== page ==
Landmark Commission sends West Line case to architectural review board
Last week, the plaintiffs applied to the Historic Monuments Board for permission to demolish a building in the historic West Line district and replace it with a one-story cabin and garage at 1415 W. 10th St.
The building, which was first constructed in 1939, was not approved for demolition; instead, the commission requested that the case be reviewed by the architectural review committee.
A factor in favor of the applicants is that the building is considered not to contribute to the historic district in which it is located.
According to the city, a building is defined as non-contributory when it “was not built during the period of importance for the district… (or if it presents) architectural modifications which compromise the capacity of the structure to transmit its historical aspect ”.
In theory, the presence of the building has no impact on the character of the neighborhood.
That said, city employees and the Historic Monuments Commission wanted to exercise caution before moving the approval process forward – not because the building will be seen as a loss to the neighborhood, but because the design of the building that could replace it has raised concerns about how it could affect the character of the neighborhood.
The plans submitted to the city by the applicant show that the proposed design of the new building is much more modern than the rest of the West Line Historic District. According to the Interior Ministry, the most prominent architectural styles in the region are the artisanal and neoclassical-inspired bungalows built at the start of the 20th century.
The first homes began to appear in the West Austin neighborhood in the 1850s and development continued until 1948, marking nearly a century of continued expansion in the area. The district’s historic period officially ended in 1955.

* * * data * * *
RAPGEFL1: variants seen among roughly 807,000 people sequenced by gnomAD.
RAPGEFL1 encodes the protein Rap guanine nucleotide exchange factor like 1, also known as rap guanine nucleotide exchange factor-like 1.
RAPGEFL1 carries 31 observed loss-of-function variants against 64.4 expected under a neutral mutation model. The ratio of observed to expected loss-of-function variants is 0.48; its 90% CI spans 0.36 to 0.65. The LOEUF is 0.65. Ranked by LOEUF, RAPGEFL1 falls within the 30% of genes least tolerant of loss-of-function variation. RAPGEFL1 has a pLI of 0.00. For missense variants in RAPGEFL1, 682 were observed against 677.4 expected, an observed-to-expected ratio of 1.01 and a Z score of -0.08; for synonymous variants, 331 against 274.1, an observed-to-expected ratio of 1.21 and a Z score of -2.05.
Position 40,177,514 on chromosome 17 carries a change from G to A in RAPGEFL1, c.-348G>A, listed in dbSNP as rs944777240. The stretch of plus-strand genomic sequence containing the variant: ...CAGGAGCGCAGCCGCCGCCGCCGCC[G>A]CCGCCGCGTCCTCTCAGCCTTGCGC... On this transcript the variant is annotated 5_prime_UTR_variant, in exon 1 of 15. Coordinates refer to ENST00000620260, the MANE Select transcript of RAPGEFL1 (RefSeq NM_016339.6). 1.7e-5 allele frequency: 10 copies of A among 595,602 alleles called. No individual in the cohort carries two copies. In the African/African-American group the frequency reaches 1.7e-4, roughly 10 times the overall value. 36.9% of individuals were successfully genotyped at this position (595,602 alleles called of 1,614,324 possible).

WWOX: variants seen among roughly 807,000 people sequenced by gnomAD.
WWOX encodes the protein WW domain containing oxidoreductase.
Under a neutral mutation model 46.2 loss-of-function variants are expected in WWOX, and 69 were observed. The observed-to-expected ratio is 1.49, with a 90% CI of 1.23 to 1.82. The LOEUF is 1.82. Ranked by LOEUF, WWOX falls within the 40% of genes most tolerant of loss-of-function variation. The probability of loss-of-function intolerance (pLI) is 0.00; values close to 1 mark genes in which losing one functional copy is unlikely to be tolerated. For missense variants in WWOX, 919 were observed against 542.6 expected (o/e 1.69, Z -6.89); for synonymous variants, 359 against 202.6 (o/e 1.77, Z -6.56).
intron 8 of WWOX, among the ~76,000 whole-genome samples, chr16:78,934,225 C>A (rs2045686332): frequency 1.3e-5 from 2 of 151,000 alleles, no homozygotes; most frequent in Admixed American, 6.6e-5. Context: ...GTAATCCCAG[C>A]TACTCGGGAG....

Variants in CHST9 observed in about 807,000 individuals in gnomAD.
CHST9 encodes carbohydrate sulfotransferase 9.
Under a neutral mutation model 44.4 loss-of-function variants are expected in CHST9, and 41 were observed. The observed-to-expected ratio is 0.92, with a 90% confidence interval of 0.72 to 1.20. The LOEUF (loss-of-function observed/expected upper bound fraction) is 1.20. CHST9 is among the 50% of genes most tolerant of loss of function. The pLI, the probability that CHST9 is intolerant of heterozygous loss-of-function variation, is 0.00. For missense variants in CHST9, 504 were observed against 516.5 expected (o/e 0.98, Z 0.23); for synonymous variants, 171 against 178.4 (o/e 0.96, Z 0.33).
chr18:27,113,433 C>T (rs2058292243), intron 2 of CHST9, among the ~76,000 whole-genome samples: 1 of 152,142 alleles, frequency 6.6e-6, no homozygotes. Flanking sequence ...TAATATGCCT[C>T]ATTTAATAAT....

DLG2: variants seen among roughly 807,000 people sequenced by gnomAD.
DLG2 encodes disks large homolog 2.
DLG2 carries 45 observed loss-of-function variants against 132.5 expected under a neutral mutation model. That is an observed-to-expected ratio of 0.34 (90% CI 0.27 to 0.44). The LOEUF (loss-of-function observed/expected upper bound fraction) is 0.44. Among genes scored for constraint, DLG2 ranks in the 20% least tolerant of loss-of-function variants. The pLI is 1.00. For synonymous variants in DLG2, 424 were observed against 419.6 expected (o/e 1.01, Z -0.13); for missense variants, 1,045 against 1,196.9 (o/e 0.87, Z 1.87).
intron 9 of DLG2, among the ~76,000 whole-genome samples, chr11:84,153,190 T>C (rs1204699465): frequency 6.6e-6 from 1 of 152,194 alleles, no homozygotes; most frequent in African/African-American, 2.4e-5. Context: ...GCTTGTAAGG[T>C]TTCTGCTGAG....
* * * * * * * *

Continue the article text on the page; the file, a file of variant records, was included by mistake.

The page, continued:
From 1910 to 1930, nearly 20 subdivisions were added to the neighborhood, strongly motivated by the neighborhood’s proximity to Austin’s then robust streetcar system.
Adrienne and Kirk Goldsberry, who live in a nearby house, submitted a comment saying they felt “the project is considerably larger and different in style from most, if not all of the other buildings in the Old West Austin neighborhood. The steel fence is not neighborhood compatible and is rather “tough” in a pedestrian area suitable for families. “
At last week’s meeting, President Terri Myers voiced similar concerns, saying the design “is quite a departure, and I would love the opportunity to meet with the candidates and discuss how which it could integrate into the character of the historic district. better.”
In the end, the commissioners followed the suggestion of city employees and voted to have the case considered further by the architectural review committee in the hope of finding common ground between the design goals. of the owner and concerns about the character of the neighborhood.
The case is expected to be referred again to the Historic Monuments Commission at the July 26 meeting.
the Austin MonitorThe work of is made possible by donations from the community. While our reports cover donors from time to time, we make sure to separate commercial and editorial efforts while maintaining transparency. A full list of donors is available here, and our code of ethics is explained here.
Go back to today’s headlines
Read the latest whispers ›